So some of these feelings that I’m stirring up? I hope my face burns from the dragon’s breath and this strange quivering around my heart is stirred by the dragon’s wings. And I hope I don’t fall off the edge of the world.

HC SVNT DRACONES.

 

FDR’s Second Term

The first time I ever voted was in the presidential election of 1992. Lines stretched around the building and we were told to expect waits of several hours. It just added to the excitement for me.

I was a couple of months into my first Real Job. I even remember what I was wearing on that momentous day! A black wool pencil skirt, a creamy satin blouse with long puffed sleeves, a gold scarf tied around my waist, black stockings and black pumps (we had only recently escaped the 80s).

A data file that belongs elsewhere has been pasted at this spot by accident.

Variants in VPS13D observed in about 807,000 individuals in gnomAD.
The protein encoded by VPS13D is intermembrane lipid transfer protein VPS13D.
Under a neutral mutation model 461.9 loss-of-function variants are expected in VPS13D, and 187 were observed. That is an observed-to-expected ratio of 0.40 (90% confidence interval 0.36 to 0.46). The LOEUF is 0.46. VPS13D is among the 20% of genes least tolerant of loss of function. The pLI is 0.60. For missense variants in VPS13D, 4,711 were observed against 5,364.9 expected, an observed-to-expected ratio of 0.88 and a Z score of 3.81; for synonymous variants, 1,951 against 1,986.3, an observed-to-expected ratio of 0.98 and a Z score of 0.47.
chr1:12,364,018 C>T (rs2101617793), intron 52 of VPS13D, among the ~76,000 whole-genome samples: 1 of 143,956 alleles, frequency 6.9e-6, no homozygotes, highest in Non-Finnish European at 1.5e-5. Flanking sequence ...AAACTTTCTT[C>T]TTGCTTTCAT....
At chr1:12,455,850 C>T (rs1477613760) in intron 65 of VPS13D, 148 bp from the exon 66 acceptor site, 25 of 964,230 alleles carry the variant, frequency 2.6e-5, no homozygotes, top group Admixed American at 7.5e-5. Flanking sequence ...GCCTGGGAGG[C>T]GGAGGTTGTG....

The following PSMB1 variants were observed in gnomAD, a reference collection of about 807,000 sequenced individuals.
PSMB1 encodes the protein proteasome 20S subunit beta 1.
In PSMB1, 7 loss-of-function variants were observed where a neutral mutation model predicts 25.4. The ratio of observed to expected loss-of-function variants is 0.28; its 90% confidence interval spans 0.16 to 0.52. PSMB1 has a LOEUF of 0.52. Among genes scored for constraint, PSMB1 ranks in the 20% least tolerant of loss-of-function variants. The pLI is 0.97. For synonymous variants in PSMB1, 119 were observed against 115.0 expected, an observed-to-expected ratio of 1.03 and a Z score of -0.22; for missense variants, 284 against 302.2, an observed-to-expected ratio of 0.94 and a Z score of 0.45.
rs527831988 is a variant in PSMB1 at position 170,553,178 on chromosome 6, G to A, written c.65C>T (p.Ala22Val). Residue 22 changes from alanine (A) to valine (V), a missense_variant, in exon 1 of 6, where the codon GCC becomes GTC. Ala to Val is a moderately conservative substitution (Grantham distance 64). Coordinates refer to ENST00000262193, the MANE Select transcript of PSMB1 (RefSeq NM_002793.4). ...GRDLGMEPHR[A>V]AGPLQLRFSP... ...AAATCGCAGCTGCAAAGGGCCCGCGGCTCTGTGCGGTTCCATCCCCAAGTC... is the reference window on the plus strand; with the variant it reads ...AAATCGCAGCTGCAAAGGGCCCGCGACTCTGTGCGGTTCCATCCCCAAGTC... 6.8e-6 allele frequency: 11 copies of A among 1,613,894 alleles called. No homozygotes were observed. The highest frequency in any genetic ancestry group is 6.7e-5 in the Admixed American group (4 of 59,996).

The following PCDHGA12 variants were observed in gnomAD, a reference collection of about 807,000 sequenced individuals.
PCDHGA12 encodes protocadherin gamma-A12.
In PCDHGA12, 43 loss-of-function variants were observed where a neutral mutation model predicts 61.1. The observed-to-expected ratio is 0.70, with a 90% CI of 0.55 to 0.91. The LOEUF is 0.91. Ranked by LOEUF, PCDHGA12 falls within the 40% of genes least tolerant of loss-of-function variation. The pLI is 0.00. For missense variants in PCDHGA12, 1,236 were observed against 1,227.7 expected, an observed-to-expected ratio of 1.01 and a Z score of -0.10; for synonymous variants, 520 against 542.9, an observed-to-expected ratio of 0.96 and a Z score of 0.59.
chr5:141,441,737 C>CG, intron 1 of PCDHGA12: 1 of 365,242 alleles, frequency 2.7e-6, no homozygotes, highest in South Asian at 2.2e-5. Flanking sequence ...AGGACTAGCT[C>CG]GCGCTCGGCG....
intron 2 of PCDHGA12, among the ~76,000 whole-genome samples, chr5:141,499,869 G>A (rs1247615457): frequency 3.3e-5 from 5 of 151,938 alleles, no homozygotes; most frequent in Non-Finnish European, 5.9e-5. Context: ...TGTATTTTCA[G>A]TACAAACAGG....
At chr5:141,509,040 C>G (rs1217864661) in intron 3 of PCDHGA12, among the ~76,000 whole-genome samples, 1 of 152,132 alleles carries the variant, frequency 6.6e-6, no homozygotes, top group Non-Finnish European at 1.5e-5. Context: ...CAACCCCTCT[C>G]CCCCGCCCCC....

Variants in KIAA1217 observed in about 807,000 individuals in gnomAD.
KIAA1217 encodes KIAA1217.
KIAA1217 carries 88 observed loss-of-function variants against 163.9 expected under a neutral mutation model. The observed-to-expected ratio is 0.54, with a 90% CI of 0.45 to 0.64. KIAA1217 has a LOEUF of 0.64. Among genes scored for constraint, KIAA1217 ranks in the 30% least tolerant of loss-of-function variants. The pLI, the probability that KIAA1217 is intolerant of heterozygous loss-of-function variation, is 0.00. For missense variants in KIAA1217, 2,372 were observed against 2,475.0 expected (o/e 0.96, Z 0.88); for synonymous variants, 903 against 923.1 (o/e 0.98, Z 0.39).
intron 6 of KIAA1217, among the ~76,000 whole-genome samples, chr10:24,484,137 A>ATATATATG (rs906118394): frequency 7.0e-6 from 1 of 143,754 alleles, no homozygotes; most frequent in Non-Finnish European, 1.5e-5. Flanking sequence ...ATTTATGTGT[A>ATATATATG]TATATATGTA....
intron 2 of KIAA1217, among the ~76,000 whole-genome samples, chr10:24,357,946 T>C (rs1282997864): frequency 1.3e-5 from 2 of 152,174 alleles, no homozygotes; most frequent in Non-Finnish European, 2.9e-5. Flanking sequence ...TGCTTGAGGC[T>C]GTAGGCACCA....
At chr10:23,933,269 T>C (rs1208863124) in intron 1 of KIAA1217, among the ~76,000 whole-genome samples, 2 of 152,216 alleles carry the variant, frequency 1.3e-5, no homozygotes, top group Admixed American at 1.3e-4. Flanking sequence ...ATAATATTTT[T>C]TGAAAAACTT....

This was before smartphones, kindles, ipods, so there wasn’t much to do in the line besides wait. Me being me, I struck up a conversation with the couple in front of me. A husband and wife, retirement age, African American. Neither was taller than my shoulder. He wore a flat driving cap and she wore her glasses on a gold chain. Somebody’s grandmama and grandaddy in Columbus, Georgia.

“This is my first time voting! I’m excited.”

“Oh, that IS good to hear!” he said. “We never miss an election.”

“What was the first election you voted in?”

She looked at him and he looked at her and they both did a little recollecting. She snapped her fingers and said, “FDR! Yes, that’s right. FDR’s second term.”

We spent the rest of that long wait talking about the history I had learned in books and they had influenced with their votes. I’ll never forget those two citizens and how their simple dedication to using their votes taught me about the responsibility and joy of being an American citizen.